While pizza is in the name, Red Wagon is more than a pizzeria. It is as famous for its pasta, specifically its Tortellini Alla Panna. The house-made pasta is filled with spinach, ricotta and lemon and then tossed in a creamy white wine sauce with peas and ham.
Campbell sources flour locally and he also sits on the mill’s board, which provides a collaborative partnership. “It’s a partially whole-grain, organic local milled flour,” he says. “It’s a heritage wheat, so we don’t really scream about that on the menu because I feel like if you don’t want to sell something on a menu, put it under healthy options — if you just make everything a little better, source it responsibly.”
With attention to ingredient sourcing, food costs stay under
25 percent. “How I built the business really lends itself to how well we do with regard to food costs,” he says. “It’s seeing the long game and understanding that relationships matter. You have to foster those relationships. You have to respect those relationships. Figure out a way so everyone wins.”
While Campbell anticipated having multiple locations when he opened, “I realized very quickly it’s super hard. It doesn’t mean it’s not fun and it’s not worth it, but it’s super challenging.”
Red Wagon has expanded to an unconventional second location inside Pryes Brewing with a slightly different program. The menu is considerably smaller and pizzas are nine inches. Cornmeal adds a textural difference. The operation also has its own staff.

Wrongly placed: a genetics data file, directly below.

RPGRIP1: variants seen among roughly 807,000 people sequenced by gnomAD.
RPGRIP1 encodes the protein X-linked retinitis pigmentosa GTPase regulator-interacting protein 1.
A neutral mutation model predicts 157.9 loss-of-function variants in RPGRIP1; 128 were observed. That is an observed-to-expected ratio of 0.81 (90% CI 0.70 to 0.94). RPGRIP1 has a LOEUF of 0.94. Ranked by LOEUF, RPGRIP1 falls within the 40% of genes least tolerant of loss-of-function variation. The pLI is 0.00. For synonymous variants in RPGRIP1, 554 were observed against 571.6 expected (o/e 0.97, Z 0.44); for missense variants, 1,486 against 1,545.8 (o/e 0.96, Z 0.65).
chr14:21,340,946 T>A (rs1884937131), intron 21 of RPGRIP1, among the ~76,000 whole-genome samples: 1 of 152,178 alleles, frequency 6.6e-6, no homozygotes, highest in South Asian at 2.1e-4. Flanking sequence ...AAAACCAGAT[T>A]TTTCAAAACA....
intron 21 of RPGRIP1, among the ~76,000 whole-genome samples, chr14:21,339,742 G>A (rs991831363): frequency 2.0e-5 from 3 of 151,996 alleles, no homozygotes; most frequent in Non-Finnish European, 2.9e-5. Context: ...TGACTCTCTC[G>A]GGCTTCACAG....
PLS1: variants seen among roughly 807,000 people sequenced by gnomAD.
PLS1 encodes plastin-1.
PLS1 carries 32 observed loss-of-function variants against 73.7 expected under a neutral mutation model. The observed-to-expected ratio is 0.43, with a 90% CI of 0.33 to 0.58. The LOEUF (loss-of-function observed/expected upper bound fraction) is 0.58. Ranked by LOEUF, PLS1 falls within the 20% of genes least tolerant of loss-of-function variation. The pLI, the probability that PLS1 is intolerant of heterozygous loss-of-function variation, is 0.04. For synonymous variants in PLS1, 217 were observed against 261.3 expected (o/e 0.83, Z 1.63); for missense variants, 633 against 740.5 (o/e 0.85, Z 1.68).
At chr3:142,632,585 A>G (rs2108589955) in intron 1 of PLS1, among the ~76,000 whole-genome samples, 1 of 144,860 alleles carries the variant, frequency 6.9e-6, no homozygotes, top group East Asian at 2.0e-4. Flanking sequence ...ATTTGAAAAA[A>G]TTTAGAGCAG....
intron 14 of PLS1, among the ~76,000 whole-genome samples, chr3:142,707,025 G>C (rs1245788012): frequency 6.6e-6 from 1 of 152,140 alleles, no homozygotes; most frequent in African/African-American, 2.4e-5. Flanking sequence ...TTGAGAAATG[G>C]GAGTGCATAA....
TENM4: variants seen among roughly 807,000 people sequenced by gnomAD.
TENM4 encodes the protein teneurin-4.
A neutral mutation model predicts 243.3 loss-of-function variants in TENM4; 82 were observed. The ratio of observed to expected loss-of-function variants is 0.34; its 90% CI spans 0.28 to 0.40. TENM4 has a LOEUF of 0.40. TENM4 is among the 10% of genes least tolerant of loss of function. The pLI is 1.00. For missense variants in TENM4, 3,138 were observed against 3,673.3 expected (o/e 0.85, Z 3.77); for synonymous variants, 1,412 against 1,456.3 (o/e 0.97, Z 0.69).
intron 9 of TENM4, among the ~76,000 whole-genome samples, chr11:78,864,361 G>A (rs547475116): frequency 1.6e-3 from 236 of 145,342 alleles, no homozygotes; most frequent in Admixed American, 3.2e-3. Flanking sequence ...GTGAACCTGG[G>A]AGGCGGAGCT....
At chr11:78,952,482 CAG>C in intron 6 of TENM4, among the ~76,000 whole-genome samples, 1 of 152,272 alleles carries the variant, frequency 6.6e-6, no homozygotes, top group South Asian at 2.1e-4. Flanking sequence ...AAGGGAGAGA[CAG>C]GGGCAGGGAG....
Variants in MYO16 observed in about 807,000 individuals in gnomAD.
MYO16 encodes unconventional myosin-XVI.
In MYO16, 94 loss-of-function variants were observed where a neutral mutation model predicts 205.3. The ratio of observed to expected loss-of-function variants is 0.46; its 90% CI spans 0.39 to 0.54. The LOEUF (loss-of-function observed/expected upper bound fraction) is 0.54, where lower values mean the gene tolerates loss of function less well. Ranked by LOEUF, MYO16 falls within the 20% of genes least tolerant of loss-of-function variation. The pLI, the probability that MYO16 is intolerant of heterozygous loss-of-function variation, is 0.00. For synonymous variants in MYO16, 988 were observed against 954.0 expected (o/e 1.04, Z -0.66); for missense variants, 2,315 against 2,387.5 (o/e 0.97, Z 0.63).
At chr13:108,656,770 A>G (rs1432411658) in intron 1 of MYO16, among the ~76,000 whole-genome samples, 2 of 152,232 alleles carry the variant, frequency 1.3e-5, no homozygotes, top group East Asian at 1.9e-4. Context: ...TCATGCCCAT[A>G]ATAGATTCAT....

Catering offers a substantial boost for Red Wagon. “A lot of our success is attributed to our catering operation that is also in this,” Peter says. “That is why we invested in that transit van so we could do more than one run a day. So originally we would only do one event a day. We were doing four events a week, 20 weeks of the summer. Average events anywhere from $1,500 to $2,000. We put up numbers quick with that and it helps the business.”
Catering has been an effective marketing vehicle. Red Wagon also markets through social media. A key to Campbell’s social strategies is mouthwatering and captivating photography.
In 2016, Red Wagon made national attention on the Food Network’s Diners, Drive-ins & Dives. “Being so fortunate to be noticed by the Food Network to get on that show, it was just a game changer for us,” he says. “I’m honored to be part of it. And people see and they see how the food is made and the level of integrity that is put into it everyday.”
When it comes to marketing, Campbell applies a simple approach. “I just believe put the best product you can out there and see if people like it. And if people like it, people are going to talk about it. If people talk about it, people are going to notice and want to try it.” n
Denise Greer is associate editor of Pizza Today.